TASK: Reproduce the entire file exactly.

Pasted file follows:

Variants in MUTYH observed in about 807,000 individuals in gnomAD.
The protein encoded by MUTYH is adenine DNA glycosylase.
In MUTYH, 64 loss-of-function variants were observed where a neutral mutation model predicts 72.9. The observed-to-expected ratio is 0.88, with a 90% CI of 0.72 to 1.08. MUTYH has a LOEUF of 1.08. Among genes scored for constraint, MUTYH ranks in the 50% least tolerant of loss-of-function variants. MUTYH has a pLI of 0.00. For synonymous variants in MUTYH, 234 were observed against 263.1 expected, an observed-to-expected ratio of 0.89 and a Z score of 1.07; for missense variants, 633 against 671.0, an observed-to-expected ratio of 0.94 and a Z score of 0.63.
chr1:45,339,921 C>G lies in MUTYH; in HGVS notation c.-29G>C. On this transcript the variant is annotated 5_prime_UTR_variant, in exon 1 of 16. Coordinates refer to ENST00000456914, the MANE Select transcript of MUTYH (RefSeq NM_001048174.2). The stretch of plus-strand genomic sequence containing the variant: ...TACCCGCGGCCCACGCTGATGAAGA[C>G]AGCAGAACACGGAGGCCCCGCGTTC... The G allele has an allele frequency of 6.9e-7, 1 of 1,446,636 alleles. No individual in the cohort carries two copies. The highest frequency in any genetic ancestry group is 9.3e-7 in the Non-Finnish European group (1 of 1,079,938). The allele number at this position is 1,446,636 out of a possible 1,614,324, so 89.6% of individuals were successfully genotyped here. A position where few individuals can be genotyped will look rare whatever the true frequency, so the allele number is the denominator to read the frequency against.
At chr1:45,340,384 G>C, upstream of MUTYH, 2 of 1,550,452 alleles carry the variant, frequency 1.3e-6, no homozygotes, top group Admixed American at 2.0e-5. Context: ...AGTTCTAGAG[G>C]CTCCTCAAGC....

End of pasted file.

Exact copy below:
Variants in MUTYH observed in about 807,000 individuals in gnomAD.
The protein encoded by MUTYH is adenine DNA glycosylase.
In MUTYH, 64 loss-of-function variants were observed where a neutral mutation model predicts 72.9. The observed-to-expected ratio is 0.88, with a 90% CI of 0.72 to 1.08. MUTYH has a LOEUF of 1.08. Among genes scored for constraint, MUTYH ranks in the 50% least tolerant of loss-of-function variants. MUTYH has a pLI of 0.00. For synonymous variants in MUTYH, 234 were observed against 263.1 expected, an observed-to-expected ratio of 0.89 and a Z score of 1.07; for missense variants, 633 against 671.0, an observed-to-expected ratio of 0.94 and a Z score of 0.63.
chr1:45,339,921 C>G lies in MUTYH; in HGVS notation c.-29G>C. On this transcript the variant is annotated 5_prime_UTR_variant, in exon 1 of 16. Coordinates refer to ENST00000456914, the MANE Select transcript of MUTYH (RefSeq NM_001048174.2). The stretch of plus-strand genomic sequence containing the variant: ...TACCCGCGGCCCACGCTGATGAAGA[C>G]AGCAGAACACGGAGGCCCCGCGTTC... The G allele has an allele frequency of 6.9e-7, 1 of 1,446,636 alleles. No individual in the cohort carries two copies. The highest frequency in any genetic ancestry group is 9.3e-7 in the Non-Finnish European group (1 of 1,079,938). The allele number at this position is 1,446,636 out of a possible 1,614,324, so 89.6% of individuals were successfully genotyped here. A position where few individuals can be genotyped will look rare whatever the true frequency, so the allele number is the denominator to read the frequency against.
At chr1:45,340,384 G>C, upstream of MUTYH, 2 of 1,550,452 alleles carry the variant, frequency 1.3e-6, no homozygotes, top group Admixed American at 2.0e-5. Context: ...AGTTCTAGAG[G>C]CTCCTCAAGC....